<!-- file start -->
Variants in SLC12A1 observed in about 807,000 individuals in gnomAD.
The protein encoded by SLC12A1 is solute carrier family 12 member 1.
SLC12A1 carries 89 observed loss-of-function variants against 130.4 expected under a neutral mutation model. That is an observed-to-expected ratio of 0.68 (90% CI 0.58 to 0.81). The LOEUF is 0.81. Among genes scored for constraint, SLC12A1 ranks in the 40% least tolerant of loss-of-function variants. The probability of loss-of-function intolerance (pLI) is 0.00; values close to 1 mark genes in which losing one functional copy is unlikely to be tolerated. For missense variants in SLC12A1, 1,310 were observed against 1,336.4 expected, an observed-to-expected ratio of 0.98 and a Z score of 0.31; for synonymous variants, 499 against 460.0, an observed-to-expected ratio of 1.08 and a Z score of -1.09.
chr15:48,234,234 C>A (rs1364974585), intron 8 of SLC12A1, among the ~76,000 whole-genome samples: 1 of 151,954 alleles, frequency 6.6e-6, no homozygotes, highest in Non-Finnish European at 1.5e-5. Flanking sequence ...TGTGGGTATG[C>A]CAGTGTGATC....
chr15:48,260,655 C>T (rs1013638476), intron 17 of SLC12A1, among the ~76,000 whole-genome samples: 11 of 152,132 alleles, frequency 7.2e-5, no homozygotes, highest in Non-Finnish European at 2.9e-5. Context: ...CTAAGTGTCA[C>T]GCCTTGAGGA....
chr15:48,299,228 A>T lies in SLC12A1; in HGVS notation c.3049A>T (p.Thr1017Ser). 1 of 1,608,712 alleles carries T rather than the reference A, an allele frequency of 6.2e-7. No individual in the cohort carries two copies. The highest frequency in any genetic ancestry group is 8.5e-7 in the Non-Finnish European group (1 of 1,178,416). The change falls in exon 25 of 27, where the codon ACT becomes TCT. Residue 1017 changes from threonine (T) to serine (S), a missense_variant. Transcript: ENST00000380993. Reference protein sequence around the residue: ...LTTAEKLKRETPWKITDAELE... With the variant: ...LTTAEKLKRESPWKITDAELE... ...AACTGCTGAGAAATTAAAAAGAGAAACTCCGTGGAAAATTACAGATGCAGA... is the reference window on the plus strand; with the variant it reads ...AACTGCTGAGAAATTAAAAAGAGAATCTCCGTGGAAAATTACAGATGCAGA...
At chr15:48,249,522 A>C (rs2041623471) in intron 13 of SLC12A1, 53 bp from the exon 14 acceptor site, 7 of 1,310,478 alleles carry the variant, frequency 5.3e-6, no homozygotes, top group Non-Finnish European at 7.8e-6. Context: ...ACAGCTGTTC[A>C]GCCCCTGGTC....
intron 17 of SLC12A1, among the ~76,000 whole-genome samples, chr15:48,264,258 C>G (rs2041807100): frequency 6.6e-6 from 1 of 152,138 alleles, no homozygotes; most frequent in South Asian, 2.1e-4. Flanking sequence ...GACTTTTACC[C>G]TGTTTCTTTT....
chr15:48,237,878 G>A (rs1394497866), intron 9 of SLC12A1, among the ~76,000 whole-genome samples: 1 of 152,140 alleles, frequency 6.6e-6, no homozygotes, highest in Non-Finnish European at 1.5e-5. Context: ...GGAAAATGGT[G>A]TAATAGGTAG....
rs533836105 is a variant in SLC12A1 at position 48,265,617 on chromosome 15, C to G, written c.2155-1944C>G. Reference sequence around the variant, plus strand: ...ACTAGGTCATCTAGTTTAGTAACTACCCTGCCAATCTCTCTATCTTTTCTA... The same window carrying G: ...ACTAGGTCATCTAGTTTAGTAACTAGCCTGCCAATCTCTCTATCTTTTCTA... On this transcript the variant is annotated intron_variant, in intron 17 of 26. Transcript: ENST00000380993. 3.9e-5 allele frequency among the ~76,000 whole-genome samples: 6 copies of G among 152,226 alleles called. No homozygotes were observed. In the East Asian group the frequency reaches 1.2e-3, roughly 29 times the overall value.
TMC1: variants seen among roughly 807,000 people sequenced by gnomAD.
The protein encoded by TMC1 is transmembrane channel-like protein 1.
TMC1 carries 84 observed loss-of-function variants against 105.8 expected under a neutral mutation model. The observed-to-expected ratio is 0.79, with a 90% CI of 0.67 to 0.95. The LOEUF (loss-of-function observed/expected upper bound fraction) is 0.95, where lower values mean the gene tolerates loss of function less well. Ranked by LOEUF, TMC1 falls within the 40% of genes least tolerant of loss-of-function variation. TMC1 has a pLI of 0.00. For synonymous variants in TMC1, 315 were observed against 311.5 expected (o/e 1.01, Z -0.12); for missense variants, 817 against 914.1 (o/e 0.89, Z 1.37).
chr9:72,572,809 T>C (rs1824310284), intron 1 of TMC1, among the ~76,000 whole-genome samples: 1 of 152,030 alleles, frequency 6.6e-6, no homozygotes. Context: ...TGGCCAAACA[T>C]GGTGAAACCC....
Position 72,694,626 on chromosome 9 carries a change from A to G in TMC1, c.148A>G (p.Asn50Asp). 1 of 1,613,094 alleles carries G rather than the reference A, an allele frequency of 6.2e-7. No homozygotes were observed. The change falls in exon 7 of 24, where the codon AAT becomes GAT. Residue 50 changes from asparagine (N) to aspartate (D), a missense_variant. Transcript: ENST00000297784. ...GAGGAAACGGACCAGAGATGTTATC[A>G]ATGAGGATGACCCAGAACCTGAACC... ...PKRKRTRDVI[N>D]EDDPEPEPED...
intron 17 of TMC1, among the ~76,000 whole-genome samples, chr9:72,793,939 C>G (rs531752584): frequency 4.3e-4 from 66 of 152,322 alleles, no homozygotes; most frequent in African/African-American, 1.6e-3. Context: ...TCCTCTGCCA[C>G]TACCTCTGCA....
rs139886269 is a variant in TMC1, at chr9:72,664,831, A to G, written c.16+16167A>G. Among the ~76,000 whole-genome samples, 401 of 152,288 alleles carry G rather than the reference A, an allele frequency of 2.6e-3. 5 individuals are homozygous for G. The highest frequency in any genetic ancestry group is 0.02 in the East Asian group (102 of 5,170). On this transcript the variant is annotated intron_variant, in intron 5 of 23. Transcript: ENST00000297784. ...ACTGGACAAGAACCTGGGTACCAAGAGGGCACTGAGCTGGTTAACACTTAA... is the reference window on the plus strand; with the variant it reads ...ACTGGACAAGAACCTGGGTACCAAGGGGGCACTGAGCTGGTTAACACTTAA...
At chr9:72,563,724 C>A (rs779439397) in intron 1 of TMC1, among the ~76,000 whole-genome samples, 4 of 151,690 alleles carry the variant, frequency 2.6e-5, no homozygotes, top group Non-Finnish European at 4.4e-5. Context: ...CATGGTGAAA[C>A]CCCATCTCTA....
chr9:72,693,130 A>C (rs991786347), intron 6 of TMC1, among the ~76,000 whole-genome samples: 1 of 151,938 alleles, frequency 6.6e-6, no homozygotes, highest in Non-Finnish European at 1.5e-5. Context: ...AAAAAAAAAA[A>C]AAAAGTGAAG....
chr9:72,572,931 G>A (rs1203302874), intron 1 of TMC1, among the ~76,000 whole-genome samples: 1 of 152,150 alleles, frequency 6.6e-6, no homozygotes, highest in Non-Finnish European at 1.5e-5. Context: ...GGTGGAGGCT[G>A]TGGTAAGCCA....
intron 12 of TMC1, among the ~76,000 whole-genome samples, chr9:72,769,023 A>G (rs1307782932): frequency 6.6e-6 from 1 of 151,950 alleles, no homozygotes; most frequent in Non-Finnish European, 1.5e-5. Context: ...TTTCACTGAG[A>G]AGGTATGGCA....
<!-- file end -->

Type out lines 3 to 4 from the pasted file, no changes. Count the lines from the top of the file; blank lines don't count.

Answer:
SLC12A1 carries 89 observed loss-of-function variants against 130.4 expected under a neutral mutation model. That is an observed-to-expected ratio of 0.68 (90% CI 0.58 to 0.81). The LOEUF is 0.81. Among genes scored for constraint, SLC12A1 ranks in the 40% least tolerant of loss-of-function variants. The probability of loss-of-function intolerance (pLI) is 0.00; values close to 1 mark genes in which losing one functional copy is unlikely to be tolerated. For missense variants in SLC12A1, 1,310 were observed against 1,336.4 expected, an observed-to-expected ratio of 0.98 and a Z score of 0.31; for synonymous variants, 499 against 460.0, an observed-to-expected ratio of 1.08 and a Z score of -1.09.
chr15:48,234,234 C>A (rs1364974585), intron 8 of SLC12A1, among the ~76,000 whole-genome samples: 1 of 151,954 alleles, frequency 6.6e-6, no homozygotes, highest in Non-Finnish European at 1.5e-5. Flanking sequence ...TGTGGGTATG[C>A]CAGTGTGATC....